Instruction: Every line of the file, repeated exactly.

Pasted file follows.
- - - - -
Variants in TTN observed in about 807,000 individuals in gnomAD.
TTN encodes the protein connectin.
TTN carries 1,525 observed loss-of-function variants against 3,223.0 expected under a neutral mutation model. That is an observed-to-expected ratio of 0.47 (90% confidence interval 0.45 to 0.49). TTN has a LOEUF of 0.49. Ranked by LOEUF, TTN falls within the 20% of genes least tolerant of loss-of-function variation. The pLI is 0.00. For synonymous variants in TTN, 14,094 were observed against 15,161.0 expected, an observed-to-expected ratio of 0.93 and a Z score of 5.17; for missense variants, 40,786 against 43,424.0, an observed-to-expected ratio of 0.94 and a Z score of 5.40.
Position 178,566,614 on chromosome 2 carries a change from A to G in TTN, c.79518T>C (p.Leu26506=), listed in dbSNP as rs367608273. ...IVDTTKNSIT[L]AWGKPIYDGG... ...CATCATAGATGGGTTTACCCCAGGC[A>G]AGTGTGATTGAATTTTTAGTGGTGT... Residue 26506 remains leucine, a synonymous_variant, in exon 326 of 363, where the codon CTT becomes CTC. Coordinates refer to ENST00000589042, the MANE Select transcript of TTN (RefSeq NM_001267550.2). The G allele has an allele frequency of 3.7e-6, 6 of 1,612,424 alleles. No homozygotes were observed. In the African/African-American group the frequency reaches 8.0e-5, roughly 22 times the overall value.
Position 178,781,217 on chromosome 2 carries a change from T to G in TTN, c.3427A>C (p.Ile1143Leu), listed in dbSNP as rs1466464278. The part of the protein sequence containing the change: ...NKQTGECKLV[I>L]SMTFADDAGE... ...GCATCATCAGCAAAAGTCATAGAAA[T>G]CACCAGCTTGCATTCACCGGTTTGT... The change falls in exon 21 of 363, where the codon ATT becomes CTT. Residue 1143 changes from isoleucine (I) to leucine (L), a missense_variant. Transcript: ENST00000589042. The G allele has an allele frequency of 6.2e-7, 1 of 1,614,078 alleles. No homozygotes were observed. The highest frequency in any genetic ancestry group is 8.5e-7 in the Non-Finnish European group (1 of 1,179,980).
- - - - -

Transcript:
Variants in TTN observed in about 807,000 individuals in gnomAD.
TTN encodes the protein connectin.
TTN carries 1,525 observed loss-of-function variants against 3,223.0 expected under a neutral mutation model. That is an observed-to-expected ratio of 0.47 (90% confidence interval 0.45 to 0.49). TTN has a LOEUF of 0.49. Ranked by LOEUF, TTN falls within the 20% of genes least tolerant of loss-of-function variation. The pLI is 0.00. For synonymous variants in TTN, 14,094 were observed against 15,161.0 expected, an observed-to-expected ratio of 0.93 and a Z score of 5.17; for missense variants, 40,786 against 43,424.0, an observed-to-expected ratio of 0.94 and a Z score of 5.40.
Position 178,566,614 on chromosome 2 carries a change from A to G in TTN, c.79518T>C (p.Leu26506=), listed in dbSNP as rs367608273. ...IVDTTKNSIT[L]AWGKPIYDGG... ...CATCATAGATGGGTTTACCCCAGGC[A>G]AGTGTGATTGAATTTTTAGTGGTGT... Residue 26506 remains leucine, a synonymous_variant, in exon 326 of 363, where the codon CTT becomes CTC. Coordinates refer to ENST00000589042, the MANE Select transcript of TTN (RefSeq NM_001267550.2). The G allele has an allele frequency of 3.7e-6, 6 of 1,612,424 alleles. No homozygotes were observed. In the African/African-American group the frequency reaches 8.0e-5, roughly 22 times the overall value.
Position 178,781,217 on chromosome 2 carries a change from T to G in TTN, c.3427A>C (p.Ile1143Leu), listed in dbSNP as rs1466464278. The part of the protein sequence containing the change: ...NKQTGECKLV[I>L]SMTFADDAGE... ...GCATCATCAGCAAAAGTCATAGAAA[T>G]CACCAGCTTGCATTCACCGGTTTGT... The change falls in exon 21 of 363, where the codon ATT becomes CTT. Residue 1143 changes from isoleucine (I) to leucine (L), a missense_variant. Transcript: ENST00000589042. The G allele has an allele frequency of 6.2e-7, 1 of 1,614,078 alleles. No homozygotes were observed. The highest frequency in any genetic ancestry group is 8.5e-7 in the Non-Finnish European group (1 of 1,179,980).